Cytoreductive surgery plus chemotherapy versus chemotherapy alone for recurrent epithelial ovarian cancer

Khadra Galaal, Raj Naik, Robert E. Bristow, Amit Patel, Andrew Bryant, Heather O. Dickinson

Research output: Contribution to journalReview articlepeer-review

Abstract

Background: Most women with advanced epithelial ovarian cancer will ultimately develop recurrent disease after completion of initial treatment with primary surgery and adjuvant chemotherapy. Secondary cytoreductive surgery may have survival benefits in selected patients. However, a number of chemotherapeutic agents are active in recurrent ovarian cancer and the standard treatment of patients with recurrent ovarian cancer remains poorly defined. Objectives: To evaluate the effectiveness and safety of secondary surgical cytoreduction and chemotherapy compared to chemotherapy alone for women with recurrent epithelial ovarian cancer. Search methods: We searched the Cochrane Gynaecological Cancer Group Trials Register, The Cochrane Register of Controlled Trials, (CENTRAL) Issue 1 2009, MEDLINE and EMBASE up to February 2009. We also searched registers of clinical trials, abstracts of scientific meetings, reference lists of review articles and contacted experts in the field. Selection criteria: We searched for RCTs, quasi-randomised trials and non-randomised studies that compared secondary cytoreductive surgery and chemotherapy to chemotherapy alone in women with recurrent epithelial ovarian cancer. Data collection and analysis: Three reviewers independently assessed whether potentially relevant studies met the inclusion criteria. No trials were found and therefore no data were analysed. Main results: The search strategy identified 1431 unique references of which all were excluded on the basis of title and abstract. Authors' conclusions: We found no evidence from RCTs to inform decisions about secondary surgical cytoreduction and chemotherapy compared to chemotherapy alone for women with recurrent epithelial ovarian cancer. Ideally, a large randomised controlled trial or, at the very least, well designed non-randomised studies that use multivariate analysis to adjust for baseline imbalances are needed to compare these treatment modalities. The results of the ongoing RCT AGO-OVAR OP.4 (DESKTOP III) is awaited.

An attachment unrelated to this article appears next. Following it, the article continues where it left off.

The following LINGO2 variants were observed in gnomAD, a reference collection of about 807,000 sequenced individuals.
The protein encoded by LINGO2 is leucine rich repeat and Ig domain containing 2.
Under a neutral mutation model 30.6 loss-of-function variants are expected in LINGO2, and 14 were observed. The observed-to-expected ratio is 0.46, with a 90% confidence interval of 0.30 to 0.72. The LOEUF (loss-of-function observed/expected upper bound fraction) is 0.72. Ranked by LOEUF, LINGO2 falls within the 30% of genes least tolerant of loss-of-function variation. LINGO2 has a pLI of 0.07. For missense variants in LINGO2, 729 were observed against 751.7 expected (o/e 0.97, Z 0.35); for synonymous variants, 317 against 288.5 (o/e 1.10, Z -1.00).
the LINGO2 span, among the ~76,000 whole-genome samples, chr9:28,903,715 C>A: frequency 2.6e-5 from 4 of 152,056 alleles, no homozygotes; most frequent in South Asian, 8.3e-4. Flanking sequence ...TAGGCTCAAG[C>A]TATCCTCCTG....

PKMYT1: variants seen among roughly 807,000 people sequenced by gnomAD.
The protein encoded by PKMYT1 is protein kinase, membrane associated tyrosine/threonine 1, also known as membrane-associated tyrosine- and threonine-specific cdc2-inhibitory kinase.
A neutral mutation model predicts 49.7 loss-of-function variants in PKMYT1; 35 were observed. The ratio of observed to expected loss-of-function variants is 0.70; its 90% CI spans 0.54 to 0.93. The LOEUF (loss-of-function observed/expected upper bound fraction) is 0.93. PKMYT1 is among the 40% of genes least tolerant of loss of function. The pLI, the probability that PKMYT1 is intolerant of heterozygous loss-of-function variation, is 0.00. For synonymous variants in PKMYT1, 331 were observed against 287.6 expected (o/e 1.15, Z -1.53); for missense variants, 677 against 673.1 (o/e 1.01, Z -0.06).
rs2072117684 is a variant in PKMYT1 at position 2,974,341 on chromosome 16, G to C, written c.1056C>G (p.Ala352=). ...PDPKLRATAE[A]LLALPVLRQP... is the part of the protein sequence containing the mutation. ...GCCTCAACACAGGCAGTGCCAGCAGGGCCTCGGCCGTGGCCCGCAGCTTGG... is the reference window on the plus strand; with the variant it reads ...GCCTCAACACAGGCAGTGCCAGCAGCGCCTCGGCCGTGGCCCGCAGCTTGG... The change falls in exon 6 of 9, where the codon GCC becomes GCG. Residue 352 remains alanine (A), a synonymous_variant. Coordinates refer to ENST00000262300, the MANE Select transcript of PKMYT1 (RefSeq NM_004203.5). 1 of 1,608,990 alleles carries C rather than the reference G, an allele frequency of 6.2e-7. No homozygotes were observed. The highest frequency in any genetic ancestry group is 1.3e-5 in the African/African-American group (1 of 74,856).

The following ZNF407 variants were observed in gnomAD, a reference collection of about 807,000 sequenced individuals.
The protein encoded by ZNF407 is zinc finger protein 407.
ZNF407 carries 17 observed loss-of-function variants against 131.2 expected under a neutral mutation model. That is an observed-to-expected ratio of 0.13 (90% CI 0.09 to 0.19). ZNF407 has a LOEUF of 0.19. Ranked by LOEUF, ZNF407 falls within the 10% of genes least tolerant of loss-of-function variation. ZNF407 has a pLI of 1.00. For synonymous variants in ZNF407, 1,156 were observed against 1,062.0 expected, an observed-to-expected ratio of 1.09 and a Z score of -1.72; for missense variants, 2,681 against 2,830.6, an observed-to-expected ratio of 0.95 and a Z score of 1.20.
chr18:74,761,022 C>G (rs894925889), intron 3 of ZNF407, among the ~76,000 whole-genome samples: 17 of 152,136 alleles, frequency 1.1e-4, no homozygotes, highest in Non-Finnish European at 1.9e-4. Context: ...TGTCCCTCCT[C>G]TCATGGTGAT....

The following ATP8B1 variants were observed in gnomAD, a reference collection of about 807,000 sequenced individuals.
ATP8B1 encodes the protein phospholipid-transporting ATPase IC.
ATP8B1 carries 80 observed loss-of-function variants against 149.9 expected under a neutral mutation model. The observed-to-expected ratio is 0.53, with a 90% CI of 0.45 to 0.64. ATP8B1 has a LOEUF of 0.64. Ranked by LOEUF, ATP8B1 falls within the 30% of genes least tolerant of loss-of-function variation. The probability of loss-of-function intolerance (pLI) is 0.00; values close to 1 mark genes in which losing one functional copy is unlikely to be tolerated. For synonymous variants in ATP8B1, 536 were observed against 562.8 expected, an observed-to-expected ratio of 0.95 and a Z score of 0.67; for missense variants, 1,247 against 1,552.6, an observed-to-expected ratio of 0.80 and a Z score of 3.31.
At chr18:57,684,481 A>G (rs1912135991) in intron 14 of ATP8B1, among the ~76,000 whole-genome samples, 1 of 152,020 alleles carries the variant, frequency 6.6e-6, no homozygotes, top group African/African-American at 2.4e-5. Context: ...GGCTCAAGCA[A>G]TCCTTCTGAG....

Original languageEnglish (US)
Article numberCD007822
JournalCochrane Database of Systematic Reviews
Volume2010
Issue number6
DOIs
StatePublished - Jun 16 2010

ASJC Scopus subject areas

  • Pharmacology (medical)

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